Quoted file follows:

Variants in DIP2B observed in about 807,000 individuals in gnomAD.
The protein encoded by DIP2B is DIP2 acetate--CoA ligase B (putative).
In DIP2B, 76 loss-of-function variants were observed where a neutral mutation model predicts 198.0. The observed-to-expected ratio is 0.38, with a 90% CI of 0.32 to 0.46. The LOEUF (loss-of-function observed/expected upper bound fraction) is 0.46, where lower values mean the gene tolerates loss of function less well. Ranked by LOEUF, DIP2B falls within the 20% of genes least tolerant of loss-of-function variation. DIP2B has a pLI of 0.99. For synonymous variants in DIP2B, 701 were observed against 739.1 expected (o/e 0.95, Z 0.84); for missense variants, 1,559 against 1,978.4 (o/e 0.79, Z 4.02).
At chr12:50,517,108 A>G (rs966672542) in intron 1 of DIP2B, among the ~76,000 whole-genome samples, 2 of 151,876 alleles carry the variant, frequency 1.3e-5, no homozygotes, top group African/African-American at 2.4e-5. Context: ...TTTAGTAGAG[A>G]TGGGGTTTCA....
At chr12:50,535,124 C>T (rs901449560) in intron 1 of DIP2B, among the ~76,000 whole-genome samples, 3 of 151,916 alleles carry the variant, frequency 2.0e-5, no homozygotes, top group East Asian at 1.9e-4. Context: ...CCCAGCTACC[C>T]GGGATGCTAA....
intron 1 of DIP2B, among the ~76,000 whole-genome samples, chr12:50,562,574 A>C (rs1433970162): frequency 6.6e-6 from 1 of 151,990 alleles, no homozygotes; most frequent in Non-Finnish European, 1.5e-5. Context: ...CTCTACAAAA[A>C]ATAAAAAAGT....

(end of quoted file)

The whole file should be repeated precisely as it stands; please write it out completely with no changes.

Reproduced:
Variants in DIP2B observed in about 807,000 individuals in gnomAD.
The protein encoded by DIP2B is DIP2 acetate--CoA ligase B (putative).
In DIP2B, 76 loss-of-function variants were observed where a neutral mutation model predicts 198.0. The observed-to-expected ratio is 0.38, with a 90% CI of 0.32 to 0.46. The LOEUF (loss-of-function observed/expected upper bound fraction) is 0.46, where lower values mean the gene tolerates loss of function less well. Ranked by LOEUF, DIP2B falls within the 20% of genes least tolerant of loss-of-function variation. DIP2B has a pLI of 0.99. For synonymous variants in DIP2B, 701 were observed against 739.1 expected (o/e 0.95, Z 0.84); for missense variants, 1,559 against 1,978.4 (o/e 0.79, Z 4.02).
At chr12:50,517,108 A>G (rs966672542) in intron 1 of DIP2B, among the ~76,000 whole-genome samples, 2 of 151,876 alleles carry the variant, frequency 1.3e-5, no homozygotes, top group African/African-American at 2.4e-5. Context: ...TTTAGTAGAG[A>G]TGGGGTTTCA....
At chr12:50,535,124 C>T (rs901449560) in intron 1 of DIP2B, among the ~76,000 whole-genome samples, 3 of 151,916 alleles carry the variant, frequency 2.0e-5, no homozygotes, top group East Asian at 1.9e-4. Context: ...CCCAGCTACC[C>T]GGGATGCTAA....
intron 1 of DIP2B, among the ~76,000 whole-genome samples, chr12:50,562,574 A>C (rs1433970162): frequency 6.6e-6 from 1 of 151,990 alleles, no homozygotes; most frequent in Non-Finnish European, 1.5e-5. Context: ...CTCTACAAAA[A>C]ATAAAAAAGT....